The best episodes of anime series

I’ve finally come home, and that would explain why I’ve remained relatively quiet everywhere except here. Sadly, at my real home, we do not have an Internet connection; thus, I’m typing this entry up at an Internet cafe and only have limited and relatively shortened access to it. Anyway, at long last, the semester has finished – now I can relax myself re-watching my ‘old’ and established favorites like Tsukihime and Samurai Champloo.

I’ve only had some vague and plasmic concept of what I should write about today (my mind’s really turned off because of the lack of schoolwork and idiotic teachers), but I decided that it be about the best single episodes of anime series. I do know most of you differ from my choice of the episodes I deem to be best; feel free to share it.

Right now, I can only name two episodes from the top of my mind, and these are Samurai Champloo‘s Gamblers and Gallantry (ep11) , and Tsukihime‘s Lunar World (ep12).

I love Gamblers and Gallantry so much because aside from giving light into the barely-known character of Jin by that stage, its story and execution was among the most evocative, moody, pathos-invoking and effluvially ambivalent among all the anime episodes I’ve seen. It starts with a grey rain and a woman on the bridge watching the flowing river. Jin passes by and asks if she was planning to end her life; she says no. He passes by the bridge because he was on his way to a ‘cutting’ job: this was a play of words because it both meant ‘cutting’ by the sword (that is, killing, which is Jin’s specialty as a ronin) as well as ‘cutting’ food – in this case, cutting up eel and selling them as a delicacy. As the story unfolds, Jin discovers that it was the last day of the woman’s (named Shino) freedom before she enters a bordello as her husband fell into immense debt because of his gambling. She also passes him by after he leaves her by the bridge because she wanted to eat some eel – and Jin was the caretaker as well as the cook for that said time. Jin, of course, was highly incompetent as an eel-chef; he cooked so badly that he needed help from Shino. They then talked before the rain and the cloudy-dark sky, and they seemed to be friends before the day was over. The horrible truth was, however, that she was to be a prostitute starting tomorrow. She left her umbrella in Jin’s stall as she walked under the rain unprotected, slowly soaking wet as she resigned to her fate.

Jin tries returning the umbrella to her (some may argue as an excuse of seeing her), but she requests that he keep it and that it was his. He then is shooed away by the guards of the bordello, even being battered in the process. The scene changes into Shino being used by ugly men, with a battered Jin on the streets. Incidentally, Mugen (one of his companions) won a beetle-fighting gamble; his winnings were immediately borrowed by Jin so that he could come to Shino. They talk; Jin seemed to be contented with only talking, as he only sat still, but Shino came and kissed Jin. The act was only implied; the ending, however, was inexorable: Shino quips that ‘the fairy tale is over.’ Shino afterward was called by her husband asking for her tips; she strongly replies that he should work, and she takes a beating from him afterwards. Jin stops the husband from further causing harm – but the husband says that he will leech off Shino forever. Eventually they decide to escape – Shino was, however, unwilling to escape for the sanctuary of a Buddhist church at the tip of the river, because she won’t be able to see Jin again. He coerces her with a few, sweet and yet direct words that leaves her doubtless about him: she literally made a ‘leap of faith’ into his arms. After escaping a horde of bordello guards, Jin and Shino escape to the river; her husband was able to reach her, and he pleads that she not leave him. She throws all the money she obtained from her ‘acts,’ and then proceeds to the small boat. Before she can grab Jin, however, Jin shoves the boat forward as the bordello guards reach the mini-port and then get sliced by him. (I think the husband died also.)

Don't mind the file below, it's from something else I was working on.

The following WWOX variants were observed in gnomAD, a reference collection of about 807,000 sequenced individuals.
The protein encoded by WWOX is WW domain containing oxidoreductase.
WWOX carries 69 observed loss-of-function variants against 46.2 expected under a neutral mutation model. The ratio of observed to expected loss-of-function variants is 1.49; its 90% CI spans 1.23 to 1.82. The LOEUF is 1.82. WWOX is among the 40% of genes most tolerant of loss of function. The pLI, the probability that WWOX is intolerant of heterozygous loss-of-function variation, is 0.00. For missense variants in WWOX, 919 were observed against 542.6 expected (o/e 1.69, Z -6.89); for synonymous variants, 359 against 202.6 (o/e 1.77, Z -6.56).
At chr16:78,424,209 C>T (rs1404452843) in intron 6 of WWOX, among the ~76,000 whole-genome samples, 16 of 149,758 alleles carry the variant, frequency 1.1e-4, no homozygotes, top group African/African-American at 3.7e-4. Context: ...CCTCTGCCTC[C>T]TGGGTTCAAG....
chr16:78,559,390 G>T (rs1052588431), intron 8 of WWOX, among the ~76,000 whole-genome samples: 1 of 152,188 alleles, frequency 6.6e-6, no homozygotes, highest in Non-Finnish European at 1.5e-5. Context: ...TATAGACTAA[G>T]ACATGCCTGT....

She cries in thanks; what made the scenes of escape even more picturesque and stunning was the playing of an edition of George Benson’s Affirmation, and the episode ends. I’m pretty sure this doesn’t sound really creative and really amazing; such is the limit of language, but I’m going to say that despite being an episode about a romance developing between unusual people, it can compare to the emotions ‘Rashomon’ (short story, not movie) made me feel: some sort of cocktail between a happiness that stems from an epiphany, a melancholy from the bittersweet story in itself, and a contentment that one has just internalized a very masterful work of art.